Drawing a clock can be used as initial screening tool for senior drivers

Somewhere down the road, most of us will start to forget where we left our keys. We’ll miss appointments here and there and struggle to find the words on the tip of our tongues. While this type of memory loss is part of normal aging, other cognitive changes – such as forgetting how to do routine tasks – may interfere with the ability to drive safely. The question is, how can licensing bureaus identify medically unfit drivers without discriminating based on age?

The “clock-drawing test” is proving to be a useful initial screening tool, said Brenda Vrkljan, associate professor of occupational therapy at McMaster University in Hamilton. This standard test is normally part of a battery of tests used to measure cognitive impairment in patients with signs of dementia. But studies have shown a link between difficulties in drawing a simple clock and one’s ability to drive.

Evidence supporting the use of this test to detect potential driving problems is “moderate to strong,” Vrkljan said. “If someone can’t draw a clock, then I would want to do further testing.”

http://www.theglobeandmail.com/life/health-and-fitness/health/drawing-a-clock-can-be-used-as-initial-screening-tool-for-senior-drivers/article30506603/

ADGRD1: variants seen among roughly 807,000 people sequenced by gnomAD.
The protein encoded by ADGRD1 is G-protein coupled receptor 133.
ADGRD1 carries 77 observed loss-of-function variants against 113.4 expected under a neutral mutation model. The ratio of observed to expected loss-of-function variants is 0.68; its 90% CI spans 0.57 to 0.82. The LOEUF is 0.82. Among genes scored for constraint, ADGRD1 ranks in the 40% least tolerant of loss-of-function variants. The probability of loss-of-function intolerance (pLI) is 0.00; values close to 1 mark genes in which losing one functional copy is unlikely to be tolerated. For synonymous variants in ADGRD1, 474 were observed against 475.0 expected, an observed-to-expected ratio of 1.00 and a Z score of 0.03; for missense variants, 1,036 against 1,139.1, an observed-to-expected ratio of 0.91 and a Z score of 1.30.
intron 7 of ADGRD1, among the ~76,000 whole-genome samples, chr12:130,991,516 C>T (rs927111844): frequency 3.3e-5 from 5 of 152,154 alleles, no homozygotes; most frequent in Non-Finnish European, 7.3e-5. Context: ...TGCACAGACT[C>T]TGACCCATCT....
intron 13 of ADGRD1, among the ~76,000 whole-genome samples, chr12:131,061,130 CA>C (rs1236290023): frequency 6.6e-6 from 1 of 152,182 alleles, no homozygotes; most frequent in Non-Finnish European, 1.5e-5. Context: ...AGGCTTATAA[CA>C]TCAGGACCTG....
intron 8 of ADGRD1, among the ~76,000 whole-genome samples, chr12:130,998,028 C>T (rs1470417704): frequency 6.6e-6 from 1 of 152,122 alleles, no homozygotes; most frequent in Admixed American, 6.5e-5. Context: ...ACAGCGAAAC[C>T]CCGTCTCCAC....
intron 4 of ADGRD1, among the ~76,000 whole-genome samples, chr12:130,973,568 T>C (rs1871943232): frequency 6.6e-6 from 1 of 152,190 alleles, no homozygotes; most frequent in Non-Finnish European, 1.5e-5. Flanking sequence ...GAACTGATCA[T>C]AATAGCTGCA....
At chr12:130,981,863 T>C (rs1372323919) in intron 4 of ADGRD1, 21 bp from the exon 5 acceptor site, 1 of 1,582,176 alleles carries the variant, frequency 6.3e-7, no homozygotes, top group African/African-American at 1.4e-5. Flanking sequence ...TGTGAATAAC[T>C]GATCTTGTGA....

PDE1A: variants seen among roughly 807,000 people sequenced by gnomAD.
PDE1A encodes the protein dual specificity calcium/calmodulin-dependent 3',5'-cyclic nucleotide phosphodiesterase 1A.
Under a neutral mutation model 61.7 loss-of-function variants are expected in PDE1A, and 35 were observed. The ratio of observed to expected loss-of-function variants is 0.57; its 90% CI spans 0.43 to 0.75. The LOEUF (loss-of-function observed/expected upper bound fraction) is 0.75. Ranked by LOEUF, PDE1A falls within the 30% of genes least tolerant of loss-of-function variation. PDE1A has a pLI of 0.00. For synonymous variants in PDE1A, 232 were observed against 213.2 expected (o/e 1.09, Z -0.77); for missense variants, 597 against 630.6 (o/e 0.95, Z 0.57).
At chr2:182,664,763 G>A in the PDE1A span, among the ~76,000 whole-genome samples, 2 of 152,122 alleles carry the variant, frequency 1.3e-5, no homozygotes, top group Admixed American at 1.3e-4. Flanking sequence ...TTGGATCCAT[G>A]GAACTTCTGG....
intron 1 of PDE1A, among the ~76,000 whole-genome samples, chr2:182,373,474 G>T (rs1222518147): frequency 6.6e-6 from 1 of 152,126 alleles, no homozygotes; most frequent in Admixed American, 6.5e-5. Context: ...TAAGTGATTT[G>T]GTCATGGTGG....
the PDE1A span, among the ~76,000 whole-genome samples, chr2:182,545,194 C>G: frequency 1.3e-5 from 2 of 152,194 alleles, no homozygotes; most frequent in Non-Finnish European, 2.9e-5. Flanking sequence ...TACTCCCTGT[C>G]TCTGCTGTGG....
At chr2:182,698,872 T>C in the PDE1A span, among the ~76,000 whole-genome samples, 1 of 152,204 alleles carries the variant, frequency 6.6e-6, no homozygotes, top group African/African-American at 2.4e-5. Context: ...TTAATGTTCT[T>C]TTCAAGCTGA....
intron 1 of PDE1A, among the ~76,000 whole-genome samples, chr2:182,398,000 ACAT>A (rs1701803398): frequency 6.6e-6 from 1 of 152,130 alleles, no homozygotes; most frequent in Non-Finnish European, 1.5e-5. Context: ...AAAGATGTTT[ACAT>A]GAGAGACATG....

Posted by editor on Sun, 26 Jun 2016 12:06 | Permalink

10 Things People With Alzheimer’s Have Taught Me

I was a caregiver for my beloved Romanian life partner for seven years. Furthermore, I currently volunteer to make weekly visits to four women who live at Clare Bridge, a Brookdale Senior Living memory care facility in Overland Park, Kansas. (I refer to them as “my ladies.”) I have learned so much from these people. Here are the ten most important things they have taught me.

http://www.huffingtonpost.com/marie-marley/10-things-people-with-alzheimers-have-taught-me_b_4754816.html

Posted by editor on Fri, 17 Jun 2016 15:06 | Permalink

In-depth look: Teens lead in vehicle accidents, but elderly more vulnerable

TAZEWELL COUNTY — A “silver tsunami” that began five years ago when the first wave of America’s baby boomers began turning 65 has led to an increasing number of older drivers on the road.

The perception that these older drivers are more likely to cause an accident isn’t quite accurate according to statistics, but most people will have to deal with the issue at some point, either as an older driver or as the adult child of a senior who may no longer be safe to drive.

According to a report generated by the Illinois Department of Transportation, seniors 65 and older accounted for 3.2 percent of serious injury car crashes, while teen drivers age 16-19 accounted for 9.4 percent of serious injury accidents statewide in 2014, the most recent year for which numbers are available.